August 5th, 2018, will mark the 25th anniversary of Magic: The Gathering. First published in 1993 by the Renton-based company Wizards of the Coast, Magic is the first and the most successful collectible card game. It was a fad in the 1990s and spawned a horde of imitators, but still has millions of active players to this day. These range from the casual players who are hanging out at your local game store right now to the professionals on the Magic Pro Tour.
To celebrate the game’s imminent birthday, Wizards of the Coast is bringing the Magic universe back to its beginnings with its newest release, Dominaria, a standalone set and the card game’s 78th expansion. (Yeah. Seventy-eight. I feel old, too, right about now.)
Science fiction author Martha Wells (The Murderbot Diaries, The Death of the Necromancer) is the lead writer on Dominaria, which is set shortly after the events of the 75th expansion, Hour of Devastation. In the multiverse of Magic, players and notable characters are “planeswalkers,” magic-users capable of traveling between worlds, and of bringing creatures and objects with them to serve as weapons and servants.
Dominaria was the setting for many of the early Magic sets’ stories, and is considered the Nexus of the Multiverse. The story of this expansion begins with the return of planeswalkers Gideon Jura and Liliana Vess to Dominaria, where they intend to find and kill a demon that holds a contract over Liliana. A short story by Wells, “Return to Dominaria,” is available to read right now on Wizards’s website.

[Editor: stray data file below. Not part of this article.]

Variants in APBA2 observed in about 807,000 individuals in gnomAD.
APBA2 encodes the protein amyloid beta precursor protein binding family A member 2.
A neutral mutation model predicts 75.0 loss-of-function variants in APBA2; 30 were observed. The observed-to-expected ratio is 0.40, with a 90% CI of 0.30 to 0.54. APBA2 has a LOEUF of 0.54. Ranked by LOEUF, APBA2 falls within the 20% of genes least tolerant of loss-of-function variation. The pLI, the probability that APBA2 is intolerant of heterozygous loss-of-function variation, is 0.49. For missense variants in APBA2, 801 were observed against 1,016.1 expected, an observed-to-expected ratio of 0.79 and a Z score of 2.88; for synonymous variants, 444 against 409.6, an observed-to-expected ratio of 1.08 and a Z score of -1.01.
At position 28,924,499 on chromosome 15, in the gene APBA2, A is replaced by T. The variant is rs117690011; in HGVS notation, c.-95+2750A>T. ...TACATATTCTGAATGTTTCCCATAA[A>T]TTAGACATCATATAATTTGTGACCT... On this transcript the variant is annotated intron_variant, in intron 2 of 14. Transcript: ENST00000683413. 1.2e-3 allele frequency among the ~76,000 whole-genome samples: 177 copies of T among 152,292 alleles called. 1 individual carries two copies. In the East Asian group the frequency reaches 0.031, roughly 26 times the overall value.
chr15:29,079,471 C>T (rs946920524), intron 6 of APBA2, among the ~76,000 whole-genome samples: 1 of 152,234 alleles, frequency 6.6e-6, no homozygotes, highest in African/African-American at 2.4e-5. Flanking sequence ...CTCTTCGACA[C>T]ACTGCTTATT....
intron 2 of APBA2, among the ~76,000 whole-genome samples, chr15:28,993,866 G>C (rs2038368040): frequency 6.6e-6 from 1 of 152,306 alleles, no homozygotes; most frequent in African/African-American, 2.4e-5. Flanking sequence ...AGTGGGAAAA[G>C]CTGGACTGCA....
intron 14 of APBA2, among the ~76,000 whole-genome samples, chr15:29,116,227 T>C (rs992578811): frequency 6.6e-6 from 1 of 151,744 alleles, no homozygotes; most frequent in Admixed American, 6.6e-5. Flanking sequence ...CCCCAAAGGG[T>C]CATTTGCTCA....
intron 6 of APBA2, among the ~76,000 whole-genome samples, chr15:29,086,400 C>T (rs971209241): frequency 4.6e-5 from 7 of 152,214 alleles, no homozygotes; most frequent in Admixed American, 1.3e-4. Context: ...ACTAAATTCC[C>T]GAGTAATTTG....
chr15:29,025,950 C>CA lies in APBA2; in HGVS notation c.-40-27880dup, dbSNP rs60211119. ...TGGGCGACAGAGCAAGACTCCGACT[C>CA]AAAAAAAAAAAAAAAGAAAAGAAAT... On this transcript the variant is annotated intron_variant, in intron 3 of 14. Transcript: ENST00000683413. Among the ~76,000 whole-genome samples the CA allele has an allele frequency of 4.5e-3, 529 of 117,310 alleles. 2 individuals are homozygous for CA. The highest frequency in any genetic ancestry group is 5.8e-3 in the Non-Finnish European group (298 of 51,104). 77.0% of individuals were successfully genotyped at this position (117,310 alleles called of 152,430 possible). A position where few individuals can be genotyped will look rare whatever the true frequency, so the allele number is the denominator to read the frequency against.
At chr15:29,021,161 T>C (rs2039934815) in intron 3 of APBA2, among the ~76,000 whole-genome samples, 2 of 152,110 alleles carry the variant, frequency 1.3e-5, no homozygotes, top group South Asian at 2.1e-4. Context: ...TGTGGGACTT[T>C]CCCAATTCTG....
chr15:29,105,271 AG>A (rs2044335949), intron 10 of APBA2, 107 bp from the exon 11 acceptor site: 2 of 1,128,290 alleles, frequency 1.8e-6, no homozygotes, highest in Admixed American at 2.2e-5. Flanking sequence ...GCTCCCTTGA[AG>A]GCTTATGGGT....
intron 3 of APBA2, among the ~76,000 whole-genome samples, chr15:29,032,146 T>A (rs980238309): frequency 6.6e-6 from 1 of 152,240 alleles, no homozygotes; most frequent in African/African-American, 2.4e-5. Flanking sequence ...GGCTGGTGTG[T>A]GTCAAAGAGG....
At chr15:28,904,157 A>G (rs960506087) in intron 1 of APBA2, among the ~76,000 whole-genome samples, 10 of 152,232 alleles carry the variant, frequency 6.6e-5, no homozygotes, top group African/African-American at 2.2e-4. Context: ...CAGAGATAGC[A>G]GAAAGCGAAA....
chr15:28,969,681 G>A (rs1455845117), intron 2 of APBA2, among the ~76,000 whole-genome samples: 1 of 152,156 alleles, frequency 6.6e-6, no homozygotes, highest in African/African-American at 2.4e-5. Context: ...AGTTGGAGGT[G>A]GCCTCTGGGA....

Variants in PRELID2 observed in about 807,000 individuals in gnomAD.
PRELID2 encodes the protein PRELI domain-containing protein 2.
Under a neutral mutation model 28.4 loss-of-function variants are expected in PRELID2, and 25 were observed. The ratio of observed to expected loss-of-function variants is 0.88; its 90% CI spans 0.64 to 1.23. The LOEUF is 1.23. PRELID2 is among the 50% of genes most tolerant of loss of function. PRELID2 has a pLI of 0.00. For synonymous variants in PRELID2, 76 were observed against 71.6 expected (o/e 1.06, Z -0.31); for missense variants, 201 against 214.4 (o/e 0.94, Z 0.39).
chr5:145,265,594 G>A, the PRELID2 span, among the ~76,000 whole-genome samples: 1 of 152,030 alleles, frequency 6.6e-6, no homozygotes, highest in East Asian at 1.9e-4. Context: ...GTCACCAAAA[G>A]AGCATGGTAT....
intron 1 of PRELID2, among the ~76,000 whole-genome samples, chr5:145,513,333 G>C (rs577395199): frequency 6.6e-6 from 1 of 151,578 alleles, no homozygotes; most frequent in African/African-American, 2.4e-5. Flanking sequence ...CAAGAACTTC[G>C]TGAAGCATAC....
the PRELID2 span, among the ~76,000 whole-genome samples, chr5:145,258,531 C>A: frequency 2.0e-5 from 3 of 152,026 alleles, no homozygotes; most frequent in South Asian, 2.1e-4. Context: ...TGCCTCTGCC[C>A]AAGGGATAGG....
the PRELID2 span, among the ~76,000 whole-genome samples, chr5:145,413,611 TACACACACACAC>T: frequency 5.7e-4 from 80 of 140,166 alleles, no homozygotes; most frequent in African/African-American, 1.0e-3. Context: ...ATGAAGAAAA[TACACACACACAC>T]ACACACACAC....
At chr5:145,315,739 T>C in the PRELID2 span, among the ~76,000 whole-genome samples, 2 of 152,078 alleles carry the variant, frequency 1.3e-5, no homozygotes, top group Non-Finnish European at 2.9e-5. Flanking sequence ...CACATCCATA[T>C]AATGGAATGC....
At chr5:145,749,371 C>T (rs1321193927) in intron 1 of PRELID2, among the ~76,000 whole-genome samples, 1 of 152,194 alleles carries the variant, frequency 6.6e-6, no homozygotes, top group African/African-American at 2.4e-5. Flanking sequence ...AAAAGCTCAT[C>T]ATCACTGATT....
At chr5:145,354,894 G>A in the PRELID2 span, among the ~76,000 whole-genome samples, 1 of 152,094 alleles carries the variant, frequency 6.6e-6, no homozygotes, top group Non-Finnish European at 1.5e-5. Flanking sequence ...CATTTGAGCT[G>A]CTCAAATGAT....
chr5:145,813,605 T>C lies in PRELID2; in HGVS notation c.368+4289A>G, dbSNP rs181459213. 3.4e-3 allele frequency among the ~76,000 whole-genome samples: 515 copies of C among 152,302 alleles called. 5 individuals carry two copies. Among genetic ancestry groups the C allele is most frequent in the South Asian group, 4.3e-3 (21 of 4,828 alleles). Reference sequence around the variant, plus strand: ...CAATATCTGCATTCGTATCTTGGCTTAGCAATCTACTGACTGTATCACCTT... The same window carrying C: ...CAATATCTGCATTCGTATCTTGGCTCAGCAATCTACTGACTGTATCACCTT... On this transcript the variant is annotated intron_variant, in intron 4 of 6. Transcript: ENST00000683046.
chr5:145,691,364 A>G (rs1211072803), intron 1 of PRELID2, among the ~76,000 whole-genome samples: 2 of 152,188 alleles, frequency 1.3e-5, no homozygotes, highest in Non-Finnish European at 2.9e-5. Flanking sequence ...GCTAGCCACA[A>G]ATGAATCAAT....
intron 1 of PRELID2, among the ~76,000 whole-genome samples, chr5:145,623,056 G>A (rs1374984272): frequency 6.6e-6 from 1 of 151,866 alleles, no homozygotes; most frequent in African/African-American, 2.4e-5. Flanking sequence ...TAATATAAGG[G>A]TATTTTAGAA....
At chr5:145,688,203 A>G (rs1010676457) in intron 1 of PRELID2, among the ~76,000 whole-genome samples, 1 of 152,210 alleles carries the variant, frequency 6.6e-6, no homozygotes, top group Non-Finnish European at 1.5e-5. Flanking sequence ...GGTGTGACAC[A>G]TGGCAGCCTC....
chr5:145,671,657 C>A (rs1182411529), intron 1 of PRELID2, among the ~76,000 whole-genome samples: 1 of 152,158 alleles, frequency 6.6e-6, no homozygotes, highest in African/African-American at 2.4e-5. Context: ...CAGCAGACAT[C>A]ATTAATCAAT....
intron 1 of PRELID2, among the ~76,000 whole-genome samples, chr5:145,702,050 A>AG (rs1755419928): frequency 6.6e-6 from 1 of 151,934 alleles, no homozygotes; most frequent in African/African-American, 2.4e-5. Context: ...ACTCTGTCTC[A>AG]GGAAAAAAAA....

Dominaria features the return of Magic creator Richard Garfield to its design team for the first time since 2011, and marks the introduction of what Wizards is calling the “Three-And-One Set” style of expansions: large sets in the fall, winter, and spring, with a new core set in the summer. This replaces the previous style, the “two-block model,” where expansions typically came out in pairs.
The developers detailed the game’s mechanics in a post today. A big new addition to Dominaria is the introduction of a new kind of enchantment card, called a Saga. Every turn a Saga is in play, it gains a lore counter, and a new chapter in the Saga becomes active when you acquire a matching number of lore counters. When the last effect occurs and the story’s over, the card leaves play.
There’s also a new descriptive term, “historic,” meant to indicate the long history behind Dominaria itself. Specifically labeled historic cards, as well as artifacts and legendaries, are considered historic, and can be affected by a specific class of abilities. Many cards in Dominaria will feature the “kicker” mechanic, where you can opt to pay more to play the card in exchange for boosted effects.
Dominaria‘s pre-release events are scheduled for April 21 and 22, with a full retail release on April 27. Players in Seattle should also clear their calendars in early April for Magic’s Grand Prix Seattle, their first double event of the year.